From the author: Love's a funny thing.
A dark girl, a cinnamon and cardamom girl. A married girl. She was hard, cold standing against a hard cold world, soft and warm lying against me. She was my one secret love, a long time ago.
I was nobody, but for a little bit of time she counted me first among her secrets.
Midnight was our hour, and a lonely country crossing was our spot. We clung, we twined, we fucked fast, hard and hungry on the train tracks. I can still feel the rough wood and smooth steel, rails like ice if it was a cold night, welcome cool in summer.
Black coffee eyes, a mane of black hair sweeping back thick from low on her crown. Swelling wedge of coarse hair between her thighs, dark as the bottom of the ocean. Cinnamon brown skin hot under my hands. Naked together under her husband's greatcoat that nearly swept the ground when she snuck out of his house wearing nothing beneath but red shoes on her little brown feet.
She had only one rule, but it was a different one rule every night. The rule that we not speak. The rule that I not let her touch the ground. The rule that we were not to touch one another but at the point of sex, so that I heedlessly tore my rotator cuff holding myself above her and feeling nothing but her divine molten heat engulfing my half a foot of mortal flesh, emerging into cold air, again, again, again. Together, apart, together, apart. Apart.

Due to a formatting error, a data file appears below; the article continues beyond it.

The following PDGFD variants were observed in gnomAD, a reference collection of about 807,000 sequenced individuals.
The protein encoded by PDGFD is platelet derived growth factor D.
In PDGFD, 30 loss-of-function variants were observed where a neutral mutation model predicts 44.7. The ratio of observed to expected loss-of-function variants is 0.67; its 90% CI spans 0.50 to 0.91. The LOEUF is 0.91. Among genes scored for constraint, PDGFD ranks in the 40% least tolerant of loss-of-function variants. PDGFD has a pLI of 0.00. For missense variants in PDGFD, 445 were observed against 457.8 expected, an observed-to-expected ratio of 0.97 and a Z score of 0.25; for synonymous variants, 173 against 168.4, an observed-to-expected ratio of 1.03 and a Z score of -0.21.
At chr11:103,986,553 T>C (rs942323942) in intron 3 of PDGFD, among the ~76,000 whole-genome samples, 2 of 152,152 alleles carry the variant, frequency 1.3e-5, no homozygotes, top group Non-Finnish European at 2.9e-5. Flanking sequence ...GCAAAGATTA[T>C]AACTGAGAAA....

That last night. Her one rule: we were not, no matter what, to stop short, not to stop at all, not until I came. Not even with a roaring freight shaking the tracks, bearing down with its glaring light throwing our shadows ahead of us as I labored on top of her. Shadows shortening, drawing in, I could feel five thousand tons of train heading for my quick-time rhythmically bucking ass. Writhing beneath me, laughing, trapping me with her strong legs, she screamed in my ear, "Come in me or die!", screamed louder than the rumbling cadence of metal wheels. Louder than the whistle.
Even now, so many years on, and she so many years dust ... when I hear that whistle far off in the night, it brings me a cold sweat, and a cold ache in my long-gone right foot, and the ghost of a hard-on.
This story originally appeared in Out of the Gutter Online.